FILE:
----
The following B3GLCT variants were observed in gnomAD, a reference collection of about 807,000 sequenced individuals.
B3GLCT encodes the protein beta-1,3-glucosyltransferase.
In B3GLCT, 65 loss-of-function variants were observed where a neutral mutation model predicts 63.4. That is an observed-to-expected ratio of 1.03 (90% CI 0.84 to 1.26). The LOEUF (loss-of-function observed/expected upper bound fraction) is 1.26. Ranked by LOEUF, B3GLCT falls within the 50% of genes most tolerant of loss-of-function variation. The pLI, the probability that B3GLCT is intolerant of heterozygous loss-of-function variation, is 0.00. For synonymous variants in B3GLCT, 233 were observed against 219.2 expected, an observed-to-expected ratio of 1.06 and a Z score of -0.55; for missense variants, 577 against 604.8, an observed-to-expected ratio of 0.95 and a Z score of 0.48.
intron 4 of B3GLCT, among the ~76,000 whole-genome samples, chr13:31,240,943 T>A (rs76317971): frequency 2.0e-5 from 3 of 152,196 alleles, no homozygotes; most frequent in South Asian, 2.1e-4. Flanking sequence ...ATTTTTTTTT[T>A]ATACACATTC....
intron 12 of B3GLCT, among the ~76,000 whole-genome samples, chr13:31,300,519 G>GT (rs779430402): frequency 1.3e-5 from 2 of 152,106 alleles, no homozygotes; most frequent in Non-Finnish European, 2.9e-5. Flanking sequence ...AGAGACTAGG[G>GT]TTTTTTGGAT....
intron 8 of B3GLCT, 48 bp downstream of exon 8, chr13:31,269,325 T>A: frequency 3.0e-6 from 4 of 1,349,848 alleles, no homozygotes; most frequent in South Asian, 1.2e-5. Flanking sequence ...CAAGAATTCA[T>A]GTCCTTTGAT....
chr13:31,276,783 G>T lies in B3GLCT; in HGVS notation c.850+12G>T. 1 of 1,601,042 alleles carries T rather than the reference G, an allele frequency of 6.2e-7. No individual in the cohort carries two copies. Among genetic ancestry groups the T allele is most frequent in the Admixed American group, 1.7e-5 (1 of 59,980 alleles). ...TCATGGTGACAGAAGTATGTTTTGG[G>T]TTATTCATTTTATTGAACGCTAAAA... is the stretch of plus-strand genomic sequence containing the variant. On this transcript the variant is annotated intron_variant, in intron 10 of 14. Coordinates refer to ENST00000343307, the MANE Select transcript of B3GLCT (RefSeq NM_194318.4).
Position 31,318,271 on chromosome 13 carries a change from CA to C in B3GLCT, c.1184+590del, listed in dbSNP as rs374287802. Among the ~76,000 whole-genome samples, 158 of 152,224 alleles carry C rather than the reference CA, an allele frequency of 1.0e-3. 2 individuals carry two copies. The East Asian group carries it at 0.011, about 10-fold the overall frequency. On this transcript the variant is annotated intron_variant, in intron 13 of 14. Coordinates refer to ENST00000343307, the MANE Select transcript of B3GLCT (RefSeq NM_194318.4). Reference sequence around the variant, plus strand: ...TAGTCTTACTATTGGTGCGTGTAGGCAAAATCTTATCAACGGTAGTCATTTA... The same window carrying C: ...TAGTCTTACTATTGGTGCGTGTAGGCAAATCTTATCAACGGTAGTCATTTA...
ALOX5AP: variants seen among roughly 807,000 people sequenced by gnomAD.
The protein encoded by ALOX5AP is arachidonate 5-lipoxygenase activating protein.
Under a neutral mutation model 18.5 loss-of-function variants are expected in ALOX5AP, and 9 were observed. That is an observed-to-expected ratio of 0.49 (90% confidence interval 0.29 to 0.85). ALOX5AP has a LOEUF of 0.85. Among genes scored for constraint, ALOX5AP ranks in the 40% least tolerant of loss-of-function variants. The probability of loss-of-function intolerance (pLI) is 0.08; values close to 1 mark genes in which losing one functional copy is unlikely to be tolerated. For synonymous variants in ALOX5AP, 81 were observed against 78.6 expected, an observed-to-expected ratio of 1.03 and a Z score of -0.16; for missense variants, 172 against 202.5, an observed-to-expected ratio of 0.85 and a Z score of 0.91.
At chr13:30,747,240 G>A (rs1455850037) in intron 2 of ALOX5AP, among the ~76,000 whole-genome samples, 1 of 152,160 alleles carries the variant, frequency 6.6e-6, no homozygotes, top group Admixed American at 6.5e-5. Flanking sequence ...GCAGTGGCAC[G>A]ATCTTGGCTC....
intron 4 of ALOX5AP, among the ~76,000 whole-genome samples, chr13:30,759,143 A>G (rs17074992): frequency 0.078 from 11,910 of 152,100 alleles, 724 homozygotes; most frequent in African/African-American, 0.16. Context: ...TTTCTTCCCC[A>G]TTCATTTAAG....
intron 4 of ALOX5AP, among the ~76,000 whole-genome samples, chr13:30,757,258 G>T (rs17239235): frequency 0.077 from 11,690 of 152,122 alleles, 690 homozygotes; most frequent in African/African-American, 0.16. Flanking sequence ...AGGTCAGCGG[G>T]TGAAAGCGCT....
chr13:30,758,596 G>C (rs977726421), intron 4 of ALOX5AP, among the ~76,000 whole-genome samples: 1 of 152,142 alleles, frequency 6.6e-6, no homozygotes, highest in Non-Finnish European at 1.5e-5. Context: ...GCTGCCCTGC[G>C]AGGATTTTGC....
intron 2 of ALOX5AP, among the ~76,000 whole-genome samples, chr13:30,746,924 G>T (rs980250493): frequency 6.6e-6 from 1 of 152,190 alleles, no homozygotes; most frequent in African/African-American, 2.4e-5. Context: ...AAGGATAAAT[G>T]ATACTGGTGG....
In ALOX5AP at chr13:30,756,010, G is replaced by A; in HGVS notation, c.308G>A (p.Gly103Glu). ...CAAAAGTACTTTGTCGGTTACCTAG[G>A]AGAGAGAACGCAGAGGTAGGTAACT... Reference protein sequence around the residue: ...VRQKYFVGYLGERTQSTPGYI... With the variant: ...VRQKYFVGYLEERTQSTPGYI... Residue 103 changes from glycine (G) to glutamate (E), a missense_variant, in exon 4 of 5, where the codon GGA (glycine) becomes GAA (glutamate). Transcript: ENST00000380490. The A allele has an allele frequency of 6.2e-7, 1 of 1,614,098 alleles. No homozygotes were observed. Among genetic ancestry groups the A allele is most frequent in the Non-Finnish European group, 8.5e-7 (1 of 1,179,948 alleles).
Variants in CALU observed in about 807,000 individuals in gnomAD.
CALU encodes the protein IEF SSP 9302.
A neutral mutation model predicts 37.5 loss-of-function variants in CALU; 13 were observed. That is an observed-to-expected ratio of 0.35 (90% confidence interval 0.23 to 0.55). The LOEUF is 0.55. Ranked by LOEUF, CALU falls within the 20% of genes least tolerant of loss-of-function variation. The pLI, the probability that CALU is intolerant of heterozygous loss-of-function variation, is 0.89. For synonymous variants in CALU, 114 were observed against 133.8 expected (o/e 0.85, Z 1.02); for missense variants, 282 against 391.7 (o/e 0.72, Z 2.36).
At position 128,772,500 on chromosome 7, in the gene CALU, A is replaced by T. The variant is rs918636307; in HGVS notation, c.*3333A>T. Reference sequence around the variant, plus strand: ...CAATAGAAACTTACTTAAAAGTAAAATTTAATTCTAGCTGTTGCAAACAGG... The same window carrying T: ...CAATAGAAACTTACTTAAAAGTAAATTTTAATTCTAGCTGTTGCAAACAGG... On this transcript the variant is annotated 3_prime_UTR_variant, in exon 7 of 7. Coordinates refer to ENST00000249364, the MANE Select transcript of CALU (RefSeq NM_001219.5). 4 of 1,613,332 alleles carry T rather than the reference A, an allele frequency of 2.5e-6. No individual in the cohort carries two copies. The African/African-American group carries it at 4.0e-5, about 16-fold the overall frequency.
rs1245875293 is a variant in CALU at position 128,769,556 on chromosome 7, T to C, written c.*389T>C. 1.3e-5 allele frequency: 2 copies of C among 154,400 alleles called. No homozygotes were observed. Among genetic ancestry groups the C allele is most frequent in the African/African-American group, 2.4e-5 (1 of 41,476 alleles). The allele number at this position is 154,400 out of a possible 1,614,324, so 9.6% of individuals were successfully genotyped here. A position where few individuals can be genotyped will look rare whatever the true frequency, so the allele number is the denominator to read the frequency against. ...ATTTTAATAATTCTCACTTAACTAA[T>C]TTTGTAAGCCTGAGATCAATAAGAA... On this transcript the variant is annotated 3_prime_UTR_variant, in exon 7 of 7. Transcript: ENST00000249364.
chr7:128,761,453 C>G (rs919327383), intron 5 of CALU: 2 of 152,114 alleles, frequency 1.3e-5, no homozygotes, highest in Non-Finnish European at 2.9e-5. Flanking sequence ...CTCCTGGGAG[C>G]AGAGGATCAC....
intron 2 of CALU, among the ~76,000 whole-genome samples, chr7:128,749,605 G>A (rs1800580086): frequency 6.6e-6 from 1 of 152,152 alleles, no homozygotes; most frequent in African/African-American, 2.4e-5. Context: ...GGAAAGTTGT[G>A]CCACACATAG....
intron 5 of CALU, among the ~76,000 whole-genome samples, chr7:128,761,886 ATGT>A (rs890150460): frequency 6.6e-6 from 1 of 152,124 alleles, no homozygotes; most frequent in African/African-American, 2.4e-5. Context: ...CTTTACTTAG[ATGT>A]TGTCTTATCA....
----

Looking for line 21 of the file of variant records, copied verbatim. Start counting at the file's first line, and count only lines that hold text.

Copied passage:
At position 128,772,500 on chromosome 7, in the gene CALU, A is replaced by T. The variant is rs918636307; in HGVS notation, c.*3333A>T. Reference sequence around the variant, plus strand: ...CAATAGAAACTTACTTAAAAGTAAAATTTAATTCTAGCTGTTGCAAACAGG... The same window carrying T: ...CAATAGAAACTTACTTAAAAGTAAATTTTAATTCTAGCTGTTGCAAACAGG... On this transcript the variant is annotated 3_prime_UTR_variant, in exon 7 of 7. Coordinates refer to ENST00000249364, the MANE Select transcript of CALU (RefSeq NM_001219.5). 4 of 1,613,332 alleles carry T rather than the reference A, an allele frequency of 2.5e-6. No individual in the cohort carries two copies. The African/African-American group carries it at 4.0e-5, about 16-fold the overall frequency.